Top California lawmakers introduced a sweeping set of new rules for mortgage servicers.
Democrats filed six sets of bills Wednesday in the State Assembly and Senate.
Attorney General Kamala Harris helped craft the legislation. She was one of the last to sign the $25 billion settlement with mortgage servicers earlier in the month, which included a set of new standards as well. The legislation package provides another glimpse at the specifics of that settlement, which have yet to be released.
Many of the requirements also came under consent orders signed with federal regulators last year, but enforcement would add extra consequences for any violation. Some of the bills were meant to directly help fund investigations by the national foreclosure fraud task force Harris joined in January.
"California communities and families are being devastated by the mortgage and foreclosure crisis. We must ensure the deceptive practices that caused it never happen again," Harris said Wednesday.
The Foreclosure Reduction Act
This bill was introduced by Assemblymen Mike Eng and Mike Feuer; Sens. Mark Leno, Fran Pavley and Senate President Pro Tem Darrell Steinberg.
Under this bill, servicers would be required to provide documentation to the borrower establishing its right to foreclose before the filing first step in the process — the default notice. Evidence of ownership and chain of title must also be shown to the borrower.
The bill prohibits servicers from dual-track foreclosures, or completing the process if the borrower is being considered for a modification. Notices of foreclosure sales must also be personally served.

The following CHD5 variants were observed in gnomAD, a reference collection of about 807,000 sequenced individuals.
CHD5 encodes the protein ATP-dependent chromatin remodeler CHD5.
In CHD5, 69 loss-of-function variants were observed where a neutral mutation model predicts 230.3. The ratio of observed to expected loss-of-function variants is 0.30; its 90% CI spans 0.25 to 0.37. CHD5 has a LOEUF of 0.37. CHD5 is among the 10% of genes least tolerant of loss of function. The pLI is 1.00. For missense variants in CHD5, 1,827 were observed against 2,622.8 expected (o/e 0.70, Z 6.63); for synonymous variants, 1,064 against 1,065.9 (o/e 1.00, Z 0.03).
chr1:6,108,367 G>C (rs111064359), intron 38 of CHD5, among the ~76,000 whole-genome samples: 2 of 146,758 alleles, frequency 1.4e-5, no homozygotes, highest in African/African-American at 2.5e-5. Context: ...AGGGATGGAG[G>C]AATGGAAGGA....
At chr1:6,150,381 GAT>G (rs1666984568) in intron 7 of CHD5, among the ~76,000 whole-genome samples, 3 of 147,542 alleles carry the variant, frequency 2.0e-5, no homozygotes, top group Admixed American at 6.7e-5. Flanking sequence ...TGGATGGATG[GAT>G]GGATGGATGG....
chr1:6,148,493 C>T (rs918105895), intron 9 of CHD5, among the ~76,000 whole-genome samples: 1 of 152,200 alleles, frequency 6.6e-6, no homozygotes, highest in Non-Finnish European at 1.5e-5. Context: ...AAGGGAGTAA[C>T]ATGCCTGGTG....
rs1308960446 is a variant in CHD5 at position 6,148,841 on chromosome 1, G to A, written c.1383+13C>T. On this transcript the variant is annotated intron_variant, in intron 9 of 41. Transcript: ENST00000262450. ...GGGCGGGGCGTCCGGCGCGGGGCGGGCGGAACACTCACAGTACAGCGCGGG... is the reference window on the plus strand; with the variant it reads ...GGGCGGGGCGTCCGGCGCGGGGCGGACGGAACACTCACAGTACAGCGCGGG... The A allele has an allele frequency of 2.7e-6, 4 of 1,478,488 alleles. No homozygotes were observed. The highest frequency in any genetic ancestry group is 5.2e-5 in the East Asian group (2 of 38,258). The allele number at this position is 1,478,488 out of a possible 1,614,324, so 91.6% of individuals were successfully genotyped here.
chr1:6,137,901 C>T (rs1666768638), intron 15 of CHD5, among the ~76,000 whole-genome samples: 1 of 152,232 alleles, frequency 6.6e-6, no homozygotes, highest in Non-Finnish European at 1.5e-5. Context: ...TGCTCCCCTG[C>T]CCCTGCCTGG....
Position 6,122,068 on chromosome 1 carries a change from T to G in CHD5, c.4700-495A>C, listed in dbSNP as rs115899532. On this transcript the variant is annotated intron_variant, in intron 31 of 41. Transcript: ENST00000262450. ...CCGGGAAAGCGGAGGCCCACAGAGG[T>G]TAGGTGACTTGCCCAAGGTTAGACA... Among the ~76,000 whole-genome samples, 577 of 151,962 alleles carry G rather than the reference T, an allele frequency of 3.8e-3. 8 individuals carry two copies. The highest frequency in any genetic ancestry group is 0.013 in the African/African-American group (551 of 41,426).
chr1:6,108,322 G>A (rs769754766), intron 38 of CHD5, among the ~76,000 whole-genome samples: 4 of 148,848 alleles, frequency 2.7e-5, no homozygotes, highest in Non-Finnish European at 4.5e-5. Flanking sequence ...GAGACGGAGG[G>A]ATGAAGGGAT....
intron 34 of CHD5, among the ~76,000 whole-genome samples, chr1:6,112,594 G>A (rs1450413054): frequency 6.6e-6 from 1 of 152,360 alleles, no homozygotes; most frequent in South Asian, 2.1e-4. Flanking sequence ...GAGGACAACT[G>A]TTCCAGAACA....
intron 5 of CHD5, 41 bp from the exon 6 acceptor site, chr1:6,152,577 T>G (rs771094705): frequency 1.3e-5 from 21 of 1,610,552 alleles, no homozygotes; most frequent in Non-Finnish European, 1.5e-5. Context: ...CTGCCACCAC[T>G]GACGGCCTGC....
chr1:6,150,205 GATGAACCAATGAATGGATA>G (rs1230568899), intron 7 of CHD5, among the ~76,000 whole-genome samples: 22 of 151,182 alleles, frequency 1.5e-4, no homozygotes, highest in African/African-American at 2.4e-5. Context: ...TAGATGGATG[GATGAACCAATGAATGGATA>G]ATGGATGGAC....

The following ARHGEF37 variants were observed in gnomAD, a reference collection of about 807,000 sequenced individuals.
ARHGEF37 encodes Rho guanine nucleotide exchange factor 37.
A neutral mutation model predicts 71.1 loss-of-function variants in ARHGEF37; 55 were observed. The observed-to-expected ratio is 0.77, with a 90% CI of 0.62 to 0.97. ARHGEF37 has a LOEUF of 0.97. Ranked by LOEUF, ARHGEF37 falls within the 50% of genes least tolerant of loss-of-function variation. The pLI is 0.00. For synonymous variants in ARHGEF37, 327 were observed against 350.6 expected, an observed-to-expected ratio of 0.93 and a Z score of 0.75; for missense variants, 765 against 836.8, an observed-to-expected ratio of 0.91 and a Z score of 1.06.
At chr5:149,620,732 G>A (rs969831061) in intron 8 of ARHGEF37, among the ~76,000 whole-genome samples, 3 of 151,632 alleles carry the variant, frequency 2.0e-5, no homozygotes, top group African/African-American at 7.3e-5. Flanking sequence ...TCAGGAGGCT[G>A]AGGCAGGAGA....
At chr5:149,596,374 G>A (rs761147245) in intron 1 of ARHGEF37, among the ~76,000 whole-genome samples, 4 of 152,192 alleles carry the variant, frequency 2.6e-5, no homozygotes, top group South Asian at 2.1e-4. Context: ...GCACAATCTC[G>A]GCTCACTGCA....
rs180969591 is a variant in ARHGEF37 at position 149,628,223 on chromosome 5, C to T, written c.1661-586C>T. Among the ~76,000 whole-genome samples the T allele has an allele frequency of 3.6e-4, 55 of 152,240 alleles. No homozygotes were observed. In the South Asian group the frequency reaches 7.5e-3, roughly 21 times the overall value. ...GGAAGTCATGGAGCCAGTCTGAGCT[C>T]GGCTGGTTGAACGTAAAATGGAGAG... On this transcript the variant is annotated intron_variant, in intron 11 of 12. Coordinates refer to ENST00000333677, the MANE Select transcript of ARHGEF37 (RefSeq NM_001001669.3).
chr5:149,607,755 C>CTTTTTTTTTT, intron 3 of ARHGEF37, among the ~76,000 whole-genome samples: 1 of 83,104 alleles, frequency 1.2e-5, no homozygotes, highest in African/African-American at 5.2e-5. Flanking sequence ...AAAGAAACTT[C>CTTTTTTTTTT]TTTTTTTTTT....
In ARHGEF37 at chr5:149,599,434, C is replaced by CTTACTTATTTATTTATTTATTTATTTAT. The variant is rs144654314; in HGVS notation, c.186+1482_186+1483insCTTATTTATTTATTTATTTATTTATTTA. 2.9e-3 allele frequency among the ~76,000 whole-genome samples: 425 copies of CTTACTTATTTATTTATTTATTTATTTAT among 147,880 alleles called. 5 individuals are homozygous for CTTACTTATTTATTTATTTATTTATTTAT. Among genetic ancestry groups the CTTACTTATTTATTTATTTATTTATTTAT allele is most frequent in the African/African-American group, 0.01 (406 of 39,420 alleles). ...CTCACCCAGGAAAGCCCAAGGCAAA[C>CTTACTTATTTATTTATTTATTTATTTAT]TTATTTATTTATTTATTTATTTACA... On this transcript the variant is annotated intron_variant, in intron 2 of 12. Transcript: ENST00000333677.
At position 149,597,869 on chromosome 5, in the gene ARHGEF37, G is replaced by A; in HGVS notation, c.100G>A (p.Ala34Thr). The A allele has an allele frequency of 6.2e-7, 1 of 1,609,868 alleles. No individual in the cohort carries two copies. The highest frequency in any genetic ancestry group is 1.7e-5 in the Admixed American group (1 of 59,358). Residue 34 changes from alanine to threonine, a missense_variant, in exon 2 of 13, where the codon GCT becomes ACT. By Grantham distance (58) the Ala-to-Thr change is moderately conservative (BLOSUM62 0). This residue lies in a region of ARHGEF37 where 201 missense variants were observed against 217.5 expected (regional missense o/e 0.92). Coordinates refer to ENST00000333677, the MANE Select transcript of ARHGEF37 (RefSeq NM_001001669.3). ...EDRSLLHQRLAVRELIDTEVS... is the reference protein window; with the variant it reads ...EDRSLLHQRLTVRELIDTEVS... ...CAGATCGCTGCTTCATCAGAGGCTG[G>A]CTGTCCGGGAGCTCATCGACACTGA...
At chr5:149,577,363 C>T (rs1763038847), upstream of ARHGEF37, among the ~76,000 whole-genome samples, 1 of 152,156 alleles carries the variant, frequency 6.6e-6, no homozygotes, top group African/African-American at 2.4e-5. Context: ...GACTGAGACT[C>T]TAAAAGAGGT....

Enhancement of AG Enforcement
The bill from Assemblyman Mike Davis imposes a $25 fee to a servicer when a default notice is recorded. The fees would fund investigations from the California AG and the national task force led by New York Attorney General Eric Schneiderman.
Servicers filed more than 67,000 default notices in the fourth quarter, according to RealtyTrac.
Attorney General Special Grand Jury
Another bill from Davis and Sen. Lori Hancock would authorize the AG to form a special grand jury to investigate and indict financial crimes against the state in different jurisdictions.
Due Process Reform Legislation
Assemblywoman Holly Mitchell and Sens. Mark DeSaulnier and Fran Pavley introduced the bill, which would increase fines to owners of dilapidated property to $5,000 per day from $1,000.
Enforcement actions would not be taken for the first 60 days against someone who acquired the distressed property. The investor or purchaser must show he or she is making repairs to the property.
The bill also requires banks to inform local code enforcement agencies when liens are released on foreclosures. This would clear the way for demolition to proceed.
The bill, written by Assemblywoman Nancy Skinner and Sen. Loni Hancock, would require buyers of foreclosed homes to honor the terms of existing leases for any tenants and give at least 90 days notice before eviction.